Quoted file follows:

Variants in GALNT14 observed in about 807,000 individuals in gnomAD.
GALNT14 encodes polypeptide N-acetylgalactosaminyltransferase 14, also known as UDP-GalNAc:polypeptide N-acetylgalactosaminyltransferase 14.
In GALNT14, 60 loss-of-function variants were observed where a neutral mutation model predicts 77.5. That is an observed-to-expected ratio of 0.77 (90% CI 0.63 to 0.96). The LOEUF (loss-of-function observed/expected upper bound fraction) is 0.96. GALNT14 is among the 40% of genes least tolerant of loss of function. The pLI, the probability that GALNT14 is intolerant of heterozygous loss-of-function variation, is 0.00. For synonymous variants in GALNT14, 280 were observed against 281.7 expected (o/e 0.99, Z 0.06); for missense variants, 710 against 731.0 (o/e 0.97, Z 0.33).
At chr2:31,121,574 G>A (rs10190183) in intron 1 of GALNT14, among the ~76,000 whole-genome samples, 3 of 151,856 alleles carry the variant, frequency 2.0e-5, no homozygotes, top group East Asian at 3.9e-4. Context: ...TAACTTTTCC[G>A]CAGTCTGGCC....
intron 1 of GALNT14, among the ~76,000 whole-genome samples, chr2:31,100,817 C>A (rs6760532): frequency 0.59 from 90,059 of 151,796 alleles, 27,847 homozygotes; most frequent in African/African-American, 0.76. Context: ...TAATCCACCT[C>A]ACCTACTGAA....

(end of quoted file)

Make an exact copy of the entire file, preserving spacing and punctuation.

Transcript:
Variants in GALNT14 observed in about 807,000 individuals in gnomAD.
GALNT14 encodes polypeptide N-acetylgalactosaminyltransferase 14, also known as UDP-GalNAc:polypeptide N-acetylgalactosaminyltransferase 14.
In GALNT14, 60 loss-of-function variants were observed where a neutral mutation model predicts 77.5. That is an observed-to-expected ratio of 0.77 (90% CI 0.63 to 0.96). The LOEUF (loss-of-function observed/expected upper bound fraction) is 0.96. GALNT14 is among the 40% of genes least tolerant of loss of function. The pLI, the probability that GALNT14 is intolerant of heterozygous loss-of-function variation, is 0.00. For synonymous variants in GALNT14, 280 were observed against 281.7 expected (o/e 0.99, Z 0.06); for missense variants, 710 against 731.0 (o/e 0.97, Z 0.33).
At chr2:31,121,574 G>A (rs10190183) in intron 1 of GALNT14, among the ~76,000 whole-genome samples, 3 of 151,856 alleles carry the variant, frequency 2.0e-5, no homozygotes, top group East Asian at 3.9e-4. Context: ...TAACTTTTCC[G>A]CAGTCTGGCC....
intron 1 of GALNT14, among the ~76,000 whole-genome samples, chr2:31,100,817 C>A (rs6760532): frequency 0.59 from 90,059 of 151,796 alleles, 27,847 homozygotes; most frequent in African/African-American, 0.76. Context: ...TAATCCACCT[C>A]ACCTACTGAA....